Josh, I’m sorry for using your story to tell mine. Thank you for your wonderful art and for helping give shape to my thoughts. I know this won’t help you get better, but maybe it will make me improve so I can buy your books and/or help somebody else.
A story about a guy
This is a story about a guy. Let’s call him Josh. I don’t know Josh personally, and that might make you lose interest in the whole thing. Josh is, was, used to be, I don’t know, an illustrator and webcomic artist. How much can you know a person based on their works of art, social media posts and someone else’s posts about them? I don’t know. I liked his art, I read his comics, I followed him in social media. I loved the heart I saw in his comics; they were enticing too, if you know what I mean. I saw struggle in his posts.
So, I used to consume a lot of webcomics on the desktop. Some of them shaped me, and when an artist struggles and their work is no longer available, it hurts. Because maybe I could have helped. Reading some webcomics didn’t work well on mobile, so I started falling behind. I found comic mobile apps and started consuming different new comics. It had been years since I read anything from Josh, so when two of his works showed up in one of these apps, I started following his updates.
His art was “too mature”?
There is something else about Josh’s art, and that is crucial to understanding this story: his art is sexy and sex-positive. Also funny and weird. But apparently the “sex” part of the equation was a big issue. Josh had to stop showcasing his latest work on this app, essentially cutting off a source of income, because it was apparently too mature. Maybe I’ll find his statement at the time.
I didn’t hear much from him after that. Some social media posts here and there, nothing that comes to mind. Maybe because some posts were buried and I was leaning away from social media. *Too much hate on my TL.*
Talking about buried posts, it was another artist who quoted Josh’s cry for help. It popped up in one of those “In case you missed it” algorithmic interventions. *In matters of life and death, social media can be damn unreliable*.
**Social Media in general, and Twitter in particular, convey a sense of immediacy that turns into frustration when you realize the events you are reading are not happening in real time, never mind the context.**
It is not a usual event, for me at least, to read somebody saying they are going to take their life, and read backwards chronologically to find how and why. That damned statement, that call for help, it struck a damned chord, and I also unravelled in social media. I’ll explain.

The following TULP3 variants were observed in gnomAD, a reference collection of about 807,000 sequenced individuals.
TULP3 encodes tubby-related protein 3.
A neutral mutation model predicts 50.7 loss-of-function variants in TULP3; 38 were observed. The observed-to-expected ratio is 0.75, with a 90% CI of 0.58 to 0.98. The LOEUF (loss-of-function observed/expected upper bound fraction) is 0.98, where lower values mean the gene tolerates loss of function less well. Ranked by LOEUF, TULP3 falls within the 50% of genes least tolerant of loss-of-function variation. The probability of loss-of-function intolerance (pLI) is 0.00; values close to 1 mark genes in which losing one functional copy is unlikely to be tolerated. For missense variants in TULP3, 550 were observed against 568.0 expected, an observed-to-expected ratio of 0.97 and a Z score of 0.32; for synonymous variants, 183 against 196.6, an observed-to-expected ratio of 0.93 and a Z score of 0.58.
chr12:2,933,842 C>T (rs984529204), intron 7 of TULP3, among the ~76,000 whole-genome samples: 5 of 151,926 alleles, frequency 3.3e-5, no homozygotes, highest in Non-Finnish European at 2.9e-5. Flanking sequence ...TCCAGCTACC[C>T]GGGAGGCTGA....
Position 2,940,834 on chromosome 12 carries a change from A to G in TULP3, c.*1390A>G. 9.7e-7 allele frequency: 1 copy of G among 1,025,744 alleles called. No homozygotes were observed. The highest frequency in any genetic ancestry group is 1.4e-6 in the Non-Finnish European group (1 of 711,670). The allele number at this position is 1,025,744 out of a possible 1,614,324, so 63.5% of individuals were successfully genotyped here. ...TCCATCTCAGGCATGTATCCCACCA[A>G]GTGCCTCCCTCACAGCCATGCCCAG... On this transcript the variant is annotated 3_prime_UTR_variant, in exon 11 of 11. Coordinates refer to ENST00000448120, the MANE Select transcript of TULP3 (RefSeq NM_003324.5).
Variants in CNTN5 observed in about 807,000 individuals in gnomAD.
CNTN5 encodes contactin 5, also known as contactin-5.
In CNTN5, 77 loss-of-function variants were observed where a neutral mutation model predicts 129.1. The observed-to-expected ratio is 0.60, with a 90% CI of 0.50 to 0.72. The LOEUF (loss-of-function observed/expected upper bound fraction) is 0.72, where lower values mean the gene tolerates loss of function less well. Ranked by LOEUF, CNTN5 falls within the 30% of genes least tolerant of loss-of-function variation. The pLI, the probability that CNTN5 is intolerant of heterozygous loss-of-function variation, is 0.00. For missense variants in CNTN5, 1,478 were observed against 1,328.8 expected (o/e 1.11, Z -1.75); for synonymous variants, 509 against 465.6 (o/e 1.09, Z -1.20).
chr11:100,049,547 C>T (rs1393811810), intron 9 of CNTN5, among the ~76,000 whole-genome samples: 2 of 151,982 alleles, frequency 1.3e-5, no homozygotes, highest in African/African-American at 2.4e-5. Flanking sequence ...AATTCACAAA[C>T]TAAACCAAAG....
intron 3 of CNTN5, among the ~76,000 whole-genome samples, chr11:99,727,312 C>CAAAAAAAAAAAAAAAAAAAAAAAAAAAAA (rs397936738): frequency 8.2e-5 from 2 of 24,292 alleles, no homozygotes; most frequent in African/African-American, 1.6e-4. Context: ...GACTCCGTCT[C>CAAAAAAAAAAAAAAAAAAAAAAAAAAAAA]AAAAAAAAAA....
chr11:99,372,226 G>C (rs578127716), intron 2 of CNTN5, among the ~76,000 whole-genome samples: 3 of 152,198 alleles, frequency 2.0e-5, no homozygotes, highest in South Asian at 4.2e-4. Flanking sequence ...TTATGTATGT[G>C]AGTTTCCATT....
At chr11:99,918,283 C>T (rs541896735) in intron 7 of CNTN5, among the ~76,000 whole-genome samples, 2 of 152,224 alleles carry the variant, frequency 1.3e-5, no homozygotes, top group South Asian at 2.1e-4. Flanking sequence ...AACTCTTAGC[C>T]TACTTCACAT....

Unravelling in social media
It started with one word. “Dammit.”
At the time I was approaching an age milestone, with some things lined up for a revisit of things that made me happy a few years ago. So I had been reading old webcomics for comfort and amusement. I binged years of webcomics in weeks. I was riding high on good memories.
Then reality put an icy hand on my chest when I read about Josh. I was just finishing an arc of a comic called “Questionable Content”, when one of the main characters speaks about her father’s suicide and its ripples. Added to that, I had been toying daily with the idea of “taking myself out of the equation”.
So, many things came crashing onto me and I started crying in my workplace cafeteria and as I tweeted, “blotting tears with a dirty paper towel”.
**Everything is a symbol of something else, and what we are now is a product of what we lived through so far.**
After the shock faded, more information came to the surface. This wasn’t his first time; Josh had struggled with something internal and reacted badly, burning bridge after bridge.
A follower of his replied to me, letting me know he was recovering. I thanked this person. (And that’s another story.)
Days later, Josh resurfaced. He said he would not like to experience that again. Thank you, Josh, for all your art, and for helping me get some things in perspective. I would not like me or anybody else to be going through what you experienced. Thank you for your story and “sorry for the outbursts”.